Regular maintenance is necessary even for brand new HVAC systems. An HVAC maintenance plan can help save money as well as extend the life of the unit. When you participate in such a plan, an HVAC technician will visit your home twice a year, usually in the fall and spring, to evaluate your system and handle any needed repairs.

Hiring the same company to install your new home’s HVAC system and maintain it makes financial and practical sense. You’ll develop a solid working relationship with the company and your technician will become acquainted with your home’s HVAC history.

Cost matters, but perhaps not the way you think.

Don’t make the mistake of choosing an air conditioner or furnace based on the sticker price alone! You could end up regretting your decision, because, oddly, the true cost of a HVAC system can often be evaluated only when it finally stops working

Here’s an example: Let’s say you purchase a less expensive A/C unit that saves you $3,000 compared to a higher quality, more expensive model. You probably think you got a great deal! But, if that cheaper A/C needs constant repairs, uses more energy and goes caput at an earlier date than the more expensive unit would have, you probably won’t come out ahead in the end.

That’s why the energy efficiency we just talked about is so important. If you choose to buy a less expensive and less efficient air conditioner or furnace, you’re probably going to pay for it, every month, for the lifetime of the unit.

Just one more thing to think about when buying a new HVAC system.

Note: If you’re on the fence about whether you should replace your HVAC system, find out when Energy Star recommends a replacement. You may save enough in energy costs to easily justify the expense. You know, pay me now or pay me later!

How to find deals and rebates on HVAC systems

  1. Check to see if your local utility company offers any rebates or incentives for replacing an old HVAC system.
  2. Review the current rebate offers from all the leading HVAC manufacturers before you call anyone for an estimate. Keep in mind, however, that these offers usually pertain to the more expensive models, so you might be able to get a better deal by purchasing a mid-level unit that isn’t eligible for a manufacturer’s rebate.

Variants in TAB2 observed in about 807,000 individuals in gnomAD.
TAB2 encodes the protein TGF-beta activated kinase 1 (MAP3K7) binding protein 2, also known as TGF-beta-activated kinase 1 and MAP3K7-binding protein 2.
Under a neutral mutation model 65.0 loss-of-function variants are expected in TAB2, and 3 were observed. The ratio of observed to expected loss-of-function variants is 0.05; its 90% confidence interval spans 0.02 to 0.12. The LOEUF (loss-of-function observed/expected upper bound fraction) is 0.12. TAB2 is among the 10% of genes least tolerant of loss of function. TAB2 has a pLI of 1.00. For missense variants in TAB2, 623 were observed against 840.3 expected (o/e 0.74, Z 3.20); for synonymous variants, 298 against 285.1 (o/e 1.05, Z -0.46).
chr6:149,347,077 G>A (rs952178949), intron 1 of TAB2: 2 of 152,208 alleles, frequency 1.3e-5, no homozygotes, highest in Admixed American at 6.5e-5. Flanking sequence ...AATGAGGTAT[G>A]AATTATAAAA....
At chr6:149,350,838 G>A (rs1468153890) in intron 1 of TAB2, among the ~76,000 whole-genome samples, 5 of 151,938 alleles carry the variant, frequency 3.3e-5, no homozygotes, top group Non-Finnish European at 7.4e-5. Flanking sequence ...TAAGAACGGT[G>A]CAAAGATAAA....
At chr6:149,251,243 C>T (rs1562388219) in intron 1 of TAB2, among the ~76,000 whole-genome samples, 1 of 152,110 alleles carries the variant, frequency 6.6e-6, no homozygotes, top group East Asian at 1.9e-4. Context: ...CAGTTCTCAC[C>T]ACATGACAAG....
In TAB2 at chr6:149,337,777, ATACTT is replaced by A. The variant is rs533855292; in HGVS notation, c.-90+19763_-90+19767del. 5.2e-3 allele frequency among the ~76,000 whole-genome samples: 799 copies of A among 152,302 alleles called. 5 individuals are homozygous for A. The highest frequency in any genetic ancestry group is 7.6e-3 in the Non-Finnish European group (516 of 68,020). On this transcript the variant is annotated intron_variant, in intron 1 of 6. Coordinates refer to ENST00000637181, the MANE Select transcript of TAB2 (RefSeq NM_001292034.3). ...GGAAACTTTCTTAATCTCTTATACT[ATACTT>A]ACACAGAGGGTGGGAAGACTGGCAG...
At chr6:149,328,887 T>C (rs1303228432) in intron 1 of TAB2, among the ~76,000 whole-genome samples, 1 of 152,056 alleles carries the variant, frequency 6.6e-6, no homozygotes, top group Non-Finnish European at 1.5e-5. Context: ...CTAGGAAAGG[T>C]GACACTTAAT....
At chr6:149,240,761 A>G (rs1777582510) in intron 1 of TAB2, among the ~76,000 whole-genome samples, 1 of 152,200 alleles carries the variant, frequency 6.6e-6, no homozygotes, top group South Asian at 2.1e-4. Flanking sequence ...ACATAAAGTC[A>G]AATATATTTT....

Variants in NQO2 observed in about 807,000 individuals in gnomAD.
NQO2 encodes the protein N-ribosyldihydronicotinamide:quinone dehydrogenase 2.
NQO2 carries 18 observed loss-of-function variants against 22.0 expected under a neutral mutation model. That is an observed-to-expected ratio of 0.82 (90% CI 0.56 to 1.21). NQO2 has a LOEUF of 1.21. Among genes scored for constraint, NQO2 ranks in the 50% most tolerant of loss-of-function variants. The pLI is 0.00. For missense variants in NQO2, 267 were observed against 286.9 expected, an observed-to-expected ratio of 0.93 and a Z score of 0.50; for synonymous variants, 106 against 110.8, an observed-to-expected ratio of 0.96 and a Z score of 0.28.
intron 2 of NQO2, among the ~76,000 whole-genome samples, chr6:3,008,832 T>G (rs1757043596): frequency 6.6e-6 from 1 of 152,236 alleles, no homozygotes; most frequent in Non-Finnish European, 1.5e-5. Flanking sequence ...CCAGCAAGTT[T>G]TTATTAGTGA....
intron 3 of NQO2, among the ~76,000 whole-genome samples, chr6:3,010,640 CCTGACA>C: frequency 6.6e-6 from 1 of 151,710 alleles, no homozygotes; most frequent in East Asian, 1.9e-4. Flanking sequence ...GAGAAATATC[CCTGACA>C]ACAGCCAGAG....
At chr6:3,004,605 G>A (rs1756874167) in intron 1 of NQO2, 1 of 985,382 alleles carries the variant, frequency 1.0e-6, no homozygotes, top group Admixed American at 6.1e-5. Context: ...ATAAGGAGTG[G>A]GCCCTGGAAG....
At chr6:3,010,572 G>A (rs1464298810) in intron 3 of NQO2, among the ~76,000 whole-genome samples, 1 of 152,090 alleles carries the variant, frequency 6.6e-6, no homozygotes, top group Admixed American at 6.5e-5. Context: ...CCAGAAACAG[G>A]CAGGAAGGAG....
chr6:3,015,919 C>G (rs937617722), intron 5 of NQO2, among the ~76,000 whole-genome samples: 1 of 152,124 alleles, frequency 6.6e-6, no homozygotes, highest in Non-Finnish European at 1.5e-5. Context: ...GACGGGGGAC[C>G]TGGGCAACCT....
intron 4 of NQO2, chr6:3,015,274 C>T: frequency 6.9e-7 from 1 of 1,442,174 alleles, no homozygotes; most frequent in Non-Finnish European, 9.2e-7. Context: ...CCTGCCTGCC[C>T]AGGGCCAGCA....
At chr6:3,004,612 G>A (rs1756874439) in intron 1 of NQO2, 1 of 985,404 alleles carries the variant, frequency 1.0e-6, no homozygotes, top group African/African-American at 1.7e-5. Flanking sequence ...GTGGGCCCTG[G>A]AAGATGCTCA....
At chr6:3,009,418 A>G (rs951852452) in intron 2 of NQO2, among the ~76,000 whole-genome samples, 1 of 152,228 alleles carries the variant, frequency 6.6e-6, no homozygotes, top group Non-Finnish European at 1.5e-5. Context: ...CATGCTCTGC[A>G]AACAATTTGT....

3. If you can, wait to have your new system installed in the fall or spring when HVAC companies aren’t as busy. Ask if there’s any off-season discounts.

How do I select a contractor to do the work?

Understanding that we wrote a recent blog on how best to choose a quality HVAC contractor, we’re not going into detail here. But as a recap, here are a few tips:

  • Ask about licensing and qualifications. Are the technicians NATE (North American Technician Excellence) certified?
  • Make sure they inspect your home and existing HVAC system and explain the options we’ve discussed in this blog.
  • Make sure the contractor has adequate staff to install the system and can respond to any future service calls. Ask about warranties. Ask if they offer a maintenance service agreement, its cost and coverage.
  • Check the Better Business Bureau or other ratings before making your final selection. These can reassure you that you’ve chosen wisely or steer you away from companies that have poor reviews.
  • Get three written estimates for the work, and pin down when installation will begin and end. Remember the best value may not necessarily be the lowest price. Consider the cost of operating the system as well.

Needless to say, the most important part of the buying process is to pick the right contractor, one who has the know-how, training, instruments and procedures to help you select your new system, install it properly and also solve any pre-existing problems with your current duct system and home’s insulation.

 

That’s why you should contact the HVAC specialists at Phillips Heating & Air Conditioning. We can make the buying process much easier and help assure that your new system is properly installed and works to its maximum efficiency.